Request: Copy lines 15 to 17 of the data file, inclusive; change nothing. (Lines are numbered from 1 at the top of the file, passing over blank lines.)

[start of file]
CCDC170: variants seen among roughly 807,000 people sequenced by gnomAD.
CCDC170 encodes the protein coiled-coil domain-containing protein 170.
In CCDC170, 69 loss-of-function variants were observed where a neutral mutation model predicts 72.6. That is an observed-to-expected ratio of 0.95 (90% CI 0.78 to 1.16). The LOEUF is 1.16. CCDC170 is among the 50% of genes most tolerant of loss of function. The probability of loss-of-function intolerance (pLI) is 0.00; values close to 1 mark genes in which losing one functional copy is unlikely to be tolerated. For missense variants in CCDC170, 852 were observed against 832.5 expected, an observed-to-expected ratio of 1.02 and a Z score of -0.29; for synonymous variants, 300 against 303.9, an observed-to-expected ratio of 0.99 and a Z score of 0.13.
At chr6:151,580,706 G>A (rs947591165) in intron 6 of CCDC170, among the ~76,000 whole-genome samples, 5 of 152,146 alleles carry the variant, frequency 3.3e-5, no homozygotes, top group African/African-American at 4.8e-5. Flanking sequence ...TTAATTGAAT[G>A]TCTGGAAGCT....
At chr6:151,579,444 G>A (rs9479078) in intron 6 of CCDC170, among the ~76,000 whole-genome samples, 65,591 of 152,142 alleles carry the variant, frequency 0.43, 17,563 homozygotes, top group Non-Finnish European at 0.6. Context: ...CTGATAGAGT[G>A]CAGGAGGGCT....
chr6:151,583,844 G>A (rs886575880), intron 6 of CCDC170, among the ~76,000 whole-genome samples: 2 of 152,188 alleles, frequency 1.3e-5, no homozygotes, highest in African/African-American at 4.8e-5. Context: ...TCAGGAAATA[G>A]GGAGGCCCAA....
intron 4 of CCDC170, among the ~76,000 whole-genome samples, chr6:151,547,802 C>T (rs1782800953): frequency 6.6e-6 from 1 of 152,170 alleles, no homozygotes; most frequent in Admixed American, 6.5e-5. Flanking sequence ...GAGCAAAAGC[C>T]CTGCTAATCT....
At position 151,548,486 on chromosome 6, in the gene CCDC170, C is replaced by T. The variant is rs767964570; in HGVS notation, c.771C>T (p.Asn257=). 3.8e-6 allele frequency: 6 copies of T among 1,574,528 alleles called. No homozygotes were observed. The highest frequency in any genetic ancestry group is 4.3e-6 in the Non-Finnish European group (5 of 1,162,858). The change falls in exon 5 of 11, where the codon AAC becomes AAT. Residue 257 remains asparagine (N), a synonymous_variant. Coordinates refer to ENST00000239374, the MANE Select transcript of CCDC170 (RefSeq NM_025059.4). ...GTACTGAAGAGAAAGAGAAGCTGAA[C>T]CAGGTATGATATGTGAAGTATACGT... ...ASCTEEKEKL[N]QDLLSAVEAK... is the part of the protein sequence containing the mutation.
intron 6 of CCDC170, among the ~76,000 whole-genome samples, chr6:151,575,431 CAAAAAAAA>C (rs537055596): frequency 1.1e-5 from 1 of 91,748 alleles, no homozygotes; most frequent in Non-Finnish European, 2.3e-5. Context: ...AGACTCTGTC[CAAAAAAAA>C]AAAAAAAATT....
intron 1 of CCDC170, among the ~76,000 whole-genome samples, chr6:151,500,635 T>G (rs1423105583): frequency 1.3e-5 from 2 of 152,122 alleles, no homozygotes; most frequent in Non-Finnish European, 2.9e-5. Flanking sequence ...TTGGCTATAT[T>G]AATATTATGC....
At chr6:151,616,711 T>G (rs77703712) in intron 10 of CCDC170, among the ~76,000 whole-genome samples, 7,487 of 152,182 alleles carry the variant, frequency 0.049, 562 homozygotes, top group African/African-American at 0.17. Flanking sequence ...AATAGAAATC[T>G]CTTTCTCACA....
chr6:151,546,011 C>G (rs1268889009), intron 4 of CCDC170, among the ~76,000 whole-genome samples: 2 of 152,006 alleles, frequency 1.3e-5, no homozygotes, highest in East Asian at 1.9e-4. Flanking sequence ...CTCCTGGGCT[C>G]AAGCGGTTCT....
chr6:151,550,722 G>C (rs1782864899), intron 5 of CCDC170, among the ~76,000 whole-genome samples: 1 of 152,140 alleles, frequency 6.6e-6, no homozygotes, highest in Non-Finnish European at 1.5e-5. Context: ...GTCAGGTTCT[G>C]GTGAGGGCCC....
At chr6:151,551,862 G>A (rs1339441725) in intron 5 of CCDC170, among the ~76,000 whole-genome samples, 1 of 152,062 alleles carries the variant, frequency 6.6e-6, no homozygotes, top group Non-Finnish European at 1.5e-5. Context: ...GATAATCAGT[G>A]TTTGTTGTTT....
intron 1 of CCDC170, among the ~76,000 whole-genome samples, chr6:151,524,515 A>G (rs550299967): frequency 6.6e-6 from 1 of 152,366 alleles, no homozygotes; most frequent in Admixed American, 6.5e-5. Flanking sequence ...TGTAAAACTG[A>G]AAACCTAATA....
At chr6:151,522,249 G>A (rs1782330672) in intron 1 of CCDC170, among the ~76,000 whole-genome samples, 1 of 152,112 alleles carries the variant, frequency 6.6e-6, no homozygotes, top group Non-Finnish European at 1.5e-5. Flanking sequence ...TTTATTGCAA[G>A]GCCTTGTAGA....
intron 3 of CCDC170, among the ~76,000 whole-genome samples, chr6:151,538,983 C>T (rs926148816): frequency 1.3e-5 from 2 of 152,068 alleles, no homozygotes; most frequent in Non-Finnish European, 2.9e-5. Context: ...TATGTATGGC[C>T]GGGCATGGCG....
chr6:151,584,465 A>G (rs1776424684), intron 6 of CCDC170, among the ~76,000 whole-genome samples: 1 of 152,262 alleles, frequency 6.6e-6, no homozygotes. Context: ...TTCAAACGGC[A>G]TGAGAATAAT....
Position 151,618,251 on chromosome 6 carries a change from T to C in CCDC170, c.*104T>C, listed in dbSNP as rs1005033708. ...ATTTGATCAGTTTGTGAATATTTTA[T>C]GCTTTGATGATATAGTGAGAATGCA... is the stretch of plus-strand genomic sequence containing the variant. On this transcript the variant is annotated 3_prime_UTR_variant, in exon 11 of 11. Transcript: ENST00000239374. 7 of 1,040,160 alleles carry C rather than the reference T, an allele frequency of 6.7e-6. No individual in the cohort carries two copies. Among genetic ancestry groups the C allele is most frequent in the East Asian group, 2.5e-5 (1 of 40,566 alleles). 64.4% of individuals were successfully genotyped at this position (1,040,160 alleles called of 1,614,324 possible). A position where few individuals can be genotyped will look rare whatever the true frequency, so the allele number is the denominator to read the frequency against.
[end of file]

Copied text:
intron 1 of CCDC170, among the ~76,000 whole-genome samples, chr6:151,524,515 A>G (rs550299967): frequency 6.6e-6 from 1 of 152,366 alleles, no homozygotes; most frequent in Admixed American, 6.5e-5. Flanking sequence ...TGTAAAACTG[A>G]AAACCTAATA....
At chr6:151,522,249 G>A (rs1782330672) in intron 1 of CCDC170, among the ~76,000 whole-genome samples, 1 of 152,112 alleles carries the variant, frequency 6.6e-6, no homozygotes, top group Non-Finnish European at 1.5e-5. Flanking sequence ...TTTATTGCAA[G>A]GCCTTGTAGA....
intron 3 of CCDC170, among the ~76,000 whole-genome samples, chr6:151,538,983 C>T (rs926148816): frequency 1.3e-5 from 2 of 152,068 alleles, no homozygotes; most frequent in Non-Finnish European, 2.9e-5. Context: ...TATGTATGGC[C>T]GGGCATGGCG....